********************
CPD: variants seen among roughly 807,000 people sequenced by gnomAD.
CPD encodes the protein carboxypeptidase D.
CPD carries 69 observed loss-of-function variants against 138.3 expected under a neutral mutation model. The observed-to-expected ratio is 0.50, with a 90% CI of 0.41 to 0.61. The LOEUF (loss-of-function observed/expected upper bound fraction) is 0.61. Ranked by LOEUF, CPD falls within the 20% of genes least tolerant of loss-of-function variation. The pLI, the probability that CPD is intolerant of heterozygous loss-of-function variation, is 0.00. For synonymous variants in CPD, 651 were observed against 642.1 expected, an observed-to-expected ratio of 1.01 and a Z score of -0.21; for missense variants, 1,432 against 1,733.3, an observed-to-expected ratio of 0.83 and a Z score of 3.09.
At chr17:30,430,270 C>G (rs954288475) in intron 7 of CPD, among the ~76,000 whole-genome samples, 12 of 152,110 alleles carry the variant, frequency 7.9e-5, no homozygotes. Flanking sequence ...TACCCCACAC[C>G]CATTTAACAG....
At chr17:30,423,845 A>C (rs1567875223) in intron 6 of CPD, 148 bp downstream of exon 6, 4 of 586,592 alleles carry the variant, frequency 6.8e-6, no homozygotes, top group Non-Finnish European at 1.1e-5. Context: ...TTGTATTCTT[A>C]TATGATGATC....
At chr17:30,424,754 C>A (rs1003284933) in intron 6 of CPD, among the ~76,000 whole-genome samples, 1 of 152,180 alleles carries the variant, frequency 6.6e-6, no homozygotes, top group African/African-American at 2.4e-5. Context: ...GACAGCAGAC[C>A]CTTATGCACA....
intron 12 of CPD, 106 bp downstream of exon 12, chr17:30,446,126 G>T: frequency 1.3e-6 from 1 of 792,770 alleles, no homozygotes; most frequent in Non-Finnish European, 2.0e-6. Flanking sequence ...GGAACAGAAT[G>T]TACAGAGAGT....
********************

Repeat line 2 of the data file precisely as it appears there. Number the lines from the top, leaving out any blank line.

CPD encodes the protein carboxypeptidase D.